Becca Balint wins Vermont Democratic primary for US House

  • Becca Balint, center, celebrates her apparent victory over Molly Gray for the Democratic nomination for U.S. House in Brattleboro on primary day, Tuesday, Aug. 9. Photo by Glenn Russell/VTDigger Glenn Russell

Published: 8/9/2022 9:04:43 PM
Modified: 8/9/2022 9:01:27 PM

Becca Balint, the leader of the Vermont Senate, has won the Democratic primary for the state’s lone U.S. House seat. She is now poised to become the first woman — and openly LGBTQ+ person — the state sends to Washington.

What was initially believed to be a closely fought race was instead a blowout victory for Balint, who led Lt. Gov. Molly Gray, her chief rival, by more than 20 points less than two hours after polls closed.

Gray conceded in a speech in Burlington at 8:43 p.m.

The three-way Republican primary had not yet been called, but Balint was the overwhelming favorite to win the general election in November. The candidates running on the GOP side were accountant and right-wing YouTuber Ericka Redic, Orleans County Republican Committee vice chair Anya Tynio, and Liam Madden, an anti-war Marine veteran who identifies as an independent.

Five candidates initially put themselves forward for the Democratic nomination, but by primary day, the field had been whittled down to three. State Sen. Kesha Ram Hinsdale, D-Chittenden, another leading candidate, had been jockeying with Balint for progressive votes but dropped out in late May. She immediately endorsed Balint upon her exit, a move that effectively united a divided left around Ram Hinsdale’s former rival — and against Gray.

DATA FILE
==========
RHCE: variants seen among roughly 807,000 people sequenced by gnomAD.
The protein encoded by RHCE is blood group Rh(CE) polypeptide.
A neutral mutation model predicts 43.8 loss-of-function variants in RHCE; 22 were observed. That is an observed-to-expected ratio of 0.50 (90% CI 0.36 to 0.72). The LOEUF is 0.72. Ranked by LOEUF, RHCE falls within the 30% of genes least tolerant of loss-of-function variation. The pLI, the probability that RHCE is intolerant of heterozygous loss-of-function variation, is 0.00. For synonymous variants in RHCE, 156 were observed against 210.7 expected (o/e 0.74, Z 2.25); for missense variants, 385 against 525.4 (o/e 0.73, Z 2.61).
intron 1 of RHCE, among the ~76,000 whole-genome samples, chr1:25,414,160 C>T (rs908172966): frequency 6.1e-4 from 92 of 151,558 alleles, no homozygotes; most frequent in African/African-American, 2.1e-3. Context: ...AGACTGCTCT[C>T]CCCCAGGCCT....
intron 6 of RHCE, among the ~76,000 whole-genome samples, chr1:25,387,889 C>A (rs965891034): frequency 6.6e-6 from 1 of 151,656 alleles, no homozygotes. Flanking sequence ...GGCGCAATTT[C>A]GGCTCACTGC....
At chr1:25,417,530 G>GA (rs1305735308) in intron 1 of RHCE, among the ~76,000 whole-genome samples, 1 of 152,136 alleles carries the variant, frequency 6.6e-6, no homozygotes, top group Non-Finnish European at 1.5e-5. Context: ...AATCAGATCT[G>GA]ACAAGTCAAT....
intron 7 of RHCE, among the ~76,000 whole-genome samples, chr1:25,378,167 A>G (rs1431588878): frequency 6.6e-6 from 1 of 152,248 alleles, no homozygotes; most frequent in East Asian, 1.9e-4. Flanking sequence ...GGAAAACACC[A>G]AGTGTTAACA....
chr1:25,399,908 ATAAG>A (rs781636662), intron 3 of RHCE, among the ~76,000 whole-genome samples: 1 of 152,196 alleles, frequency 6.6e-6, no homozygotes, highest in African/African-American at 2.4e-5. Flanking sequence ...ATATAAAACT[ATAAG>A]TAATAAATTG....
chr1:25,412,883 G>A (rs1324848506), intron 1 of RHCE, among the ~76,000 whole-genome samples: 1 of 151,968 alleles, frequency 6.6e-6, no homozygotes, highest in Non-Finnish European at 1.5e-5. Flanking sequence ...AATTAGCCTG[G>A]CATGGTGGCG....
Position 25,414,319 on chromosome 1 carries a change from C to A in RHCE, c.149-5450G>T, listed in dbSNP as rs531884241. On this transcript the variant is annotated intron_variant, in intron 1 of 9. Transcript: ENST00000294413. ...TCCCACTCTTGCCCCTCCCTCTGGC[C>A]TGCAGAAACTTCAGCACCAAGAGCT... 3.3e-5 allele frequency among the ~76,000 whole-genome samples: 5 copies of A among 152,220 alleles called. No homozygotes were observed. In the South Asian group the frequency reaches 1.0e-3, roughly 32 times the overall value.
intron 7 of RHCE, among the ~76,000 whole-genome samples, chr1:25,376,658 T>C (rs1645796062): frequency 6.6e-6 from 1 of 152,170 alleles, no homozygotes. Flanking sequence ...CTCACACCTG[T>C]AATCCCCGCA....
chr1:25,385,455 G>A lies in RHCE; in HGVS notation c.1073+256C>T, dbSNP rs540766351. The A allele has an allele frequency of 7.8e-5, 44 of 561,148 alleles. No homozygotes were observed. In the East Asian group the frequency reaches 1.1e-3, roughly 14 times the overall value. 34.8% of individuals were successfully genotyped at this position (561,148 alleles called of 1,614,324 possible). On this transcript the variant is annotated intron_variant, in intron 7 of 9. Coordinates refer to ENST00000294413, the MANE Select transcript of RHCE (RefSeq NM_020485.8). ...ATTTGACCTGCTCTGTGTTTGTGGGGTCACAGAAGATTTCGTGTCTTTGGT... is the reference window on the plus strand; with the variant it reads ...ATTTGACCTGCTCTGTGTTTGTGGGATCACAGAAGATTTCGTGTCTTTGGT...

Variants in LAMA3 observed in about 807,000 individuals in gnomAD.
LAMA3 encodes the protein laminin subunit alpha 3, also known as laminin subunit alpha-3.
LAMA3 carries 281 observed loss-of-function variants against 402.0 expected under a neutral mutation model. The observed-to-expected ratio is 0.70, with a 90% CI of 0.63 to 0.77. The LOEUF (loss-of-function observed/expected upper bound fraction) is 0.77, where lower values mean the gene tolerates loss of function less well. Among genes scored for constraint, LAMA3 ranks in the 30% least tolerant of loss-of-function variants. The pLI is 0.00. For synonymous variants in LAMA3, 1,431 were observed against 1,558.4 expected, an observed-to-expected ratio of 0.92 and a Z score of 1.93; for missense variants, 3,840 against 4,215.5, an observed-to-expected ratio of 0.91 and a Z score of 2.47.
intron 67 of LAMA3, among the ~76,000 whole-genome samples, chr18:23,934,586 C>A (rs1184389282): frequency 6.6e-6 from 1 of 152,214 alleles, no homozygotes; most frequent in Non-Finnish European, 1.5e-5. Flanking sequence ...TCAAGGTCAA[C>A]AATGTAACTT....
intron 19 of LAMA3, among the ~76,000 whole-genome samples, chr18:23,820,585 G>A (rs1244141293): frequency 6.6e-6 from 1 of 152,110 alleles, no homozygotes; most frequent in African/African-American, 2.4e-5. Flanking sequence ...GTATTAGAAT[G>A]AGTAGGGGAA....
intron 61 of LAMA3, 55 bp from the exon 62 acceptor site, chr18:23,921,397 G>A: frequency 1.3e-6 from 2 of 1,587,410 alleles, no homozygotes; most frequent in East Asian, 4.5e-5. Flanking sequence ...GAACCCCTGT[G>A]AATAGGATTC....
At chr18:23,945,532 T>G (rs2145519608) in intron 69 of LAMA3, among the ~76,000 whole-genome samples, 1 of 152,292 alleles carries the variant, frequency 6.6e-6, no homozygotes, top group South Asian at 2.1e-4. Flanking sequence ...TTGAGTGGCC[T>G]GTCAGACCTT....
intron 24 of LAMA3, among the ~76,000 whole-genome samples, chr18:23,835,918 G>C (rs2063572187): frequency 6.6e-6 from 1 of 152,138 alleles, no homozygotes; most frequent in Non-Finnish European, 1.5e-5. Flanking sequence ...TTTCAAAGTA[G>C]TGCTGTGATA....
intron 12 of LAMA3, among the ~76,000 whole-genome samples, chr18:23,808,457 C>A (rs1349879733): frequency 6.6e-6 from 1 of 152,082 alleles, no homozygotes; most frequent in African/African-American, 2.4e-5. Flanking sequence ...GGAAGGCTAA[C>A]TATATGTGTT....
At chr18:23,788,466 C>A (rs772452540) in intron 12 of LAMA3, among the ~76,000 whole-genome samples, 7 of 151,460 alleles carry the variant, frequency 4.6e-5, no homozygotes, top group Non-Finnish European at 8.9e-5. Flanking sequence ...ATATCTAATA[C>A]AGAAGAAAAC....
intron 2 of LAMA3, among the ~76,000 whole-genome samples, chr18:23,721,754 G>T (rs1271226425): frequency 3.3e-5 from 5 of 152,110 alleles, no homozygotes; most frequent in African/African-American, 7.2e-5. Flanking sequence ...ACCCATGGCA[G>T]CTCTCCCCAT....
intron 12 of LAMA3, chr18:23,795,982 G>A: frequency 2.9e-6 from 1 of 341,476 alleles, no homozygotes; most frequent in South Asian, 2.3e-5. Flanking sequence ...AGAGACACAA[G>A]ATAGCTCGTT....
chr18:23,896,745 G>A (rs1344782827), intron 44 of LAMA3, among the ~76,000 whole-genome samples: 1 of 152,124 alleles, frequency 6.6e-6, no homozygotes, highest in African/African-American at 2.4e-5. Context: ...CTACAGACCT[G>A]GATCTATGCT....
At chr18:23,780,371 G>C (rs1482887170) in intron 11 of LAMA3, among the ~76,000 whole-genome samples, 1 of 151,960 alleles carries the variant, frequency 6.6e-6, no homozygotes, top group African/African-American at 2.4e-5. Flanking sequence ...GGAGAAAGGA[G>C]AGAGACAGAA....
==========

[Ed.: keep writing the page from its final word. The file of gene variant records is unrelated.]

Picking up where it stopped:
Balint, who has carved out a reputation as a liberal but pragmatic legislative leader, has skeptics on the left. Chase Clifford, a former aide to U.S. Rep. Ayanna Pressley, D-Mass., notably endorsed no one when she stepped off the stage. But within a month of the election, Vermont’s progressive standard-bearers had nevertheless largely closed ranks around Balint.

Some of Ram Hinsdale’s highest-profile backers, including environmentalist Bill McKibben and U.S. House Progressive Caucus chair U.S. Rep. Pramila Jayapal, D-Wash., later migrated over to Balint’s team. And Sen. Bernie Sanders, I-Vt., perhaps the nation’s most iconic progressive politician, entered the fray in early July, declaring his support for Balint.

His nod was not a passive endorsement — Sanders barnstormed with her across the state in the campaign’s final days and activated his formidable fundraising apparatus on her behalf.

The race has since been viewed by many as a proxy war between Sanders and Sen. Patrick Leahy, D-Vt., whose retirement at the end of this term set the year’s historic election cycle in motion. U.S. Rep. Peter Welch, D-Vt., the state’s sole representative, is vacating his seat to run for Leahy’s.

Though Leahy never formally endorsed Gray, she has enjoyed the institutional support of many in his inner circle. And in the last days of the race, Leahy’s political action committee donated $5,000 to Gray’s campaign, and the Senator made public in a statement that he had cast his ballot for her.